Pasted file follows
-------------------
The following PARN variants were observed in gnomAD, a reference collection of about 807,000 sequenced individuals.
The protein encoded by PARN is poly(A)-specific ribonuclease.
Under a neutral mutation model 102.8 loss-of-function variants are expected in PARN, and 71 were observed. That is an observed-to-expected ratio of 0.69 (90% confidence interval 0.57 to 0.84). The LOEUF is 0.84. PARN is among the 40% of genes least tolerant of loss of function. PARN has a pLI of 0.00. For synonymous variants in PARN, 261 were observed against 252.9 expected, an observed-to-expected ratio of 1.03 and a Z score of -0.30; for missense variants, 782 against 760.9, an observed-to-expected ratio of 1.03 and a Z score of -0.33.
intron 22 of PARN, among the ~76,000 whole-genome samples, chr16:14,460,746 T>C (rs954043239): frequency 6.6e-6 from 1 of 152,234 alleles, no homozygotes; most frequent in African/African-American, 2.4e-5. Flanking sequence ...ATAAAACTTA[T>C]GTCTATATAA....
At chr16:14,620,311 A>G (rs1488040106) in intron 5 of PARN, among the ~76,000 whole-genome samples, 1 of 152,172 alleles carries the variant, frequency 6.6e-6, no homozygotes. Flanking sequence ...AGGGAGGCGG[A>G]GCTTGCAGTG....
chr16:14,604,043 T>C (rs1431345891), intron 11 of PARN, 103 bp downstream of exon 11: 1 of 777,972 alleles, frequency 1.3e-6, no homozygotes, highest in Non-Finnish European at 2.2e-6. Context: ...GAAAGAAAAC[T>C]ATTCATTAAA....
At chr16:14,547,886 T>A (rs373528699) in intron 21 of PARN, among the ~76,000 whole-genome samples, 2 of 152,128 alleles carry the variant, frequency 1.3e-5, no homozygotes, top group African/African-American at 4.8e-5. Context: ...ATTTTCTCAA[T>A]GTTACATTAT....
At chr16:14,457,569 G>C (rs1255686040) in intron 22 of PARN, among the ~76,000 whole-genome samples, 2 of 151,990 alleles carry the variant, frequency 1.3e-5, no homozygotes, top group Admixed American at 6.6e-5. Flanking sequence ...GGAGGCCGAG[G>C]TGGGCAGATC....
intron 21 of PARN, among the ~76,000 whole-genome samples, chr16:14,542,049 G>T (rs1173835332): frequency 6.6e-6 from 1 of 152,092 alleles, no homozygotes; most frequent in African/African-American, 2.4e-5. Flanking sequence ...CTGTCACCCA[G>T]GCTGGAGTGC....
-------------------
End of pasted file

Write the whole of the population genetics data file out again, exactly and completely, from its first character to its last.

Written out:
The following PARN variants were observed in gnomAD, a reference collection of about 807,000 sequenced individuals.
The protein encoded by PARN is poly(A)-specific ribonuclease.
Under a neutral mutation model 102.8 loss-of-function variants are expected in PARN, and 71 were observed. That is an observed-to-expected ratio of 0.69 (90% confidence interval 0.57 to 0.84). The LOEUF is 0.84. PARN is among the 40% of genes least tolerant of loss of function. PARN has a pLI of 0.00. For synonymous variants in PARN, 261 were observed against 252.9 expected, an observed-to-expected ratio of 1.03 and a Z score of -0.30; for missense variants, 782 against 760.9, an observed-to-expected ratio of 1.03 and a Z score of -0.33.
intron 22 of PARN, among the ~76,000 whole-genome samples, chr16:14,460,746 T>C (rs954043239): frequency 6.6e-6 from 1 of 152,234 alleles, no homozygotes; most frequent in African/African-American, 2.4e-5. Flanking sequence ...ATAAAACTTA[T>C]GTCTATATAA....
At chr16:14,620,311 A>G (rs1488040106) in intron 5 of PARN, among the ~76,000 whole-genome samples, 1 of 152,172 alleles carries the variant, frequency 6.6e-6, no homozygotes. Flanking sequence ...AGGGAGGCGG[A>G]GCTTGCAGTG....
chr16:14,604,043 T>C (rs1431345891), intron 11 of PARN, 103 bp downstream of exon 11: 1 of 777,972 alleles, frequency 1.3e-6, no homozygotes, highest in Non-Finnish European at 2.2e-6. Context: ...GAAAGAAAAC[T>C]ATTCATTAAA....
At chr16:14,547,886 T>A (rs373528699) in intron 21 of PARN, among the ~76,000 whole-genome samples, 2 of 152,128 alleles carry the variant, frequency 1.3e-5, no homozygotes, top group African/African-American at 4.8e-5. Context: ...ATTTTCTCAA[T>A]GTTACATTAT....
At chr16:14,457,569 G>C (rs1255686040) in intron 22 of PARN, among the ~76,000 whole-genome samples, 2 of 151,990 alleles carry the variant, frequency 1.3e-5, no homozygotes, top group Admixed American at 6.6e-5. Flanking sequence ...GGAGGCCGAG[G>C]TGGGCAGATC....
intron 21 of PARN, among the ~76,000 whole-genome samples, chr16:14,542,049 G>T (rs1173835332): frequency 6.6e-6 from 1 of 152,092 alleles, no homozygotes; most frequent in African/African-American, 2.4e-5. Flanking sequence ...CTGTCACCCA[G>T]GCTGGAGTGC....